Words by Tom Danicek
Back in 2015, in the immediate aftermath of the last Asian Cup, we rolled out a series called Asia’s Rising Stars to recognize those whose stocks had risen dramatically over the tournament. Among those featured were the 2018 World Cup comet Morteza Pouraliganji, the reigning Asian Footballer of the Year Abdelkarim Hassan and the protagonist of the latest high-profile Asian move to English Premier League, Yoshinori Muto. Other than that, it was a mixed bag: some have decidedly regressed (Kim Jin-su, Wang Dalei), some have more or less stagnated to re-appear at this tournament as their country’s leaders (Ali Mabkhout, Abdallah Jaber), while Massimo Luongo has somehow grown ever increasingly more invisible to Australian NT managers.
Not learning any lessons whatsoever, we are now coming with a fresh batch of up-and-coming youngsters. Some well recognized, some largely flowing under the radar, while all being 25 years old or younger. At the same time, while it would be tempting to profile, say, the 18-year-old Iraqi sensation Mohanad Ali, we’d rather check back with him in four years’ time when it arguably makes more sense to start gauging his potential (that said, he absolutely does seem like a gem, as demonstrated by the concrete interest shown in him by Slavia Prague). Instead, we kick-off with another Iraqi…
Safaa Hadi – 20 years old – CDM – Al-Zawraa (IRQ)
We’ve been here before, one would be tempted to say, looking at another promising Iraqi central midfielder.
In 2015, the Asian football world was obsessed with Yaser Kasim. And when I say obsessed, I genuinely mean obsessed. His magical solo run vs Jordan was being replayed on repeat; his passing range compared to that of Andrea Pirlo. At one point in 2016, it seemed to be a given that Kasim was moving to Swansea City to become the first Iraqi in the English Premier League.
Yet now, only three years removed from the lofty heights of Kasim’s career, a third-division English outfit just ended his contract by mutual consent earlier this month, restricting itself to a brief statement without any thanks or statistics. At 27, Kasim might as well be done internationally, and so we turn to another prospect, vying to become the mainstay Qusay Munir once represented in the heart of a flourishing Iraqi side.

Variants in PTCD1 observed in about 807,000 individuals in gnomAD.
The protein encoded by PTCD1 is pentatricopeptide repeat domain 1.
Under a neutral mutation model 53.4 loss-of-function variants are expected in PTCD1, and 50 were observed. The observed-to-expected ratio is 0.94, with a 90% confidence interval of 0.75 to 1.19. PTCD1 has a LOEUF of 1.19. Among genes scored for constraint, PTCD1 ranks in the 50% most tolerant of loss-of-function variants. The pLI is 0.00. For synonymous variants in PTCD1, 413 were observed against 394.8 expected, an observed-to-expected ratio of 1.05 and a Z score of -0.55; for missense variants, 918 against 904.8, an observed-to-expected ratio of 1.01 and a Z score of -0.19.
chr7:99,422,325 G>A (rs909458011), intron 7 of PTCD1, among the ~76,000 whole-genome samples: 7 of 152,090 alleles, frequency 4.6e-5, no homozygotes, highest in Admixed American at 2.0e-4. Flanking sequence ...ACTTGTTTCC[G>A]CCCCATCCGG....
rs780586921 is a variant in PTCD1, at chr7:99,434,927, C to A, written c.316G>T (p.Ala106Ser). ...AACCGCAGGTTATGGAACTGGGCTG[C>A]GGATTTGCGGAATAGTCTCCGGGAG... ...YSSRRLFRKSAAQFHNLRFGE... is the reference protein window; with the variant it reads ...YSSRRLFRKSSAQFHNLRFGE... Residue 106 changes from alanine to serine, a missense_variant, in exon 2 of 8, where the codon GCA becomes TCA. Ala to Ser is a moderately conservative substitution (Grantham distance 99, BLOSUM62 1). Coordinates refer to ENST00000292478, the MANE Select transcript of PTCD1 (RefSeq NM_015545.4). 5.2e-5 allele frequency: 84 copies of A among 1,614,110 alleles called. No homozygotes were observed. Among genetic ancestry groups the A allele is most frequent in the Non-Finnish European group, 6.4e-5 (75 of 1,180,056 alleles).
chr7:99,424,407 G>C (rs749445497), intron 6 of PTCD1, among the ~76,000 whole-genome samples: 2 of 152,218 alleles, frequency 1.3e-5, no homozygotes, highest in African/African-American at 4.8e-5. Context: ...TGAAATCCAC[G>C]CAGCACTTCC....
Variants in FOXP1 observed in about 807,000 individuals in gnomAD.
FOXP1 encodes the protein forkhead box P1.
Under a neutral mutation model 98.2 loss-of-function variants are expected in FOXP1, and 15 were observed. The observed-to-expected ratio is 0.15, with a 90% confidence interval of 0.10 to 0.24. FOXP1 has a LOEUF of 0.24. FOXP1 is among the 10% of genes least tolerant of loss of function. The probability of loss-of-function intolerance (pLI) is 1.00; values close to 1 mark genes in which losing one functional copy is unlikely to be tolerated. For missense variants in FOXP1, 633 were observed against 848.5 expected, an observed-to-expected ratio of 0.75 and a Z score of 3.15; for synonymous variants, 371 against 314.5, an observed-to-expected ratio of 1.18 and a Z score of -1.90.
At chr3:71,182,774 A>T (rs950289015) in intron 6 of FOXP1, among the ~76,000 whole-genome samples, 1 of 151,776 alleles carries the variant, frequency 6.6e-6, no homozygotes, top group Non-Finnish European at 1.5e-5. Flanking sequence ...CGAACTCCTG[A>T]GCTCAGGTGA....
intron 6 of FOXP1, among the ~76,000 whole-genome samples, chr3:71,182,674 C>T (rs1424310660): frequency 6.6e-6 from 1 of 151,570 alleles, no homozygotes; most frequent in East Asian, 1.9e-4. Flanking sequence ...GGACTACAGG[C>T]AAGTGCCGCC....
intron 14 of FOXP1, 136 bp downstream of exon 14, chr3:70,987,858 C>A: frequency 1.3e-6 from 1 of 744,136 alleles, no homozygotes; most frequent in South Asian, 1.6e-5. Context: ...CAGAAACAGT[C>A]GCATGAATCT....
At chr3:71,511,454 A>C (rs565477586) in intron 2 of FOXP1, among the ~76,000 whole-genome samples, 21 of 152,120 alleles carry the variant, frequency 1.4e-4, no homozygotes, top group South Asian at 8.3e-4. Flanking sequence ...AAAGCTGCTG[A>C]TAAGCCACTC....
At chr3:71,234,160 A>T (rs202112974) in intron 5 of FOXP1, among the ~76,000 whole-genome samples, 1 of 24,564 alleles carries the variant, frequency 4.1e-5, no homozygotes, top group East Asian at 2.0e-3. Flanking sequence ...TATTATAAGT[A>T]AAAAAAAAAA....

While there’s arguably nothing like an overly careful approach to assessing 20-year-old players, in Asia as much as anywhere else on the planet, it’s worth beginning this profile by pinpointing the many differences between Safaa Hadi of 2019 and Yaser Kasim of 2015, and cautiously foreseeing a shinier future for the former.
For one, Kasim has been an expat for as long as we can remember, since the age of 6, and that in itself is a handicap for any Iraqi trying to cut it internationally. The broader issue was briefly summarized here and elaborated on here, while Kasim’s rather unique and hardly ever explicable issues have been well documented by Hassanin Mubarak, too; here and here, for example. Safaa Hadi, meanwhile, is made of a distinctly different dough. He hails from the footballing hotbed of Sadr City, Baghdad, which has recently bred the 2016 Olympics hero Alaa Mhawi and the tricky attacking midfielder Bashar Resan, later graduating from the prestigious Ammo Baba Football School and eventually deciding to opt for one of the youth sides run by the Football Association instead of going down the more conventional club route, leading him to his current starting role for domestic giants Al-Zawraa.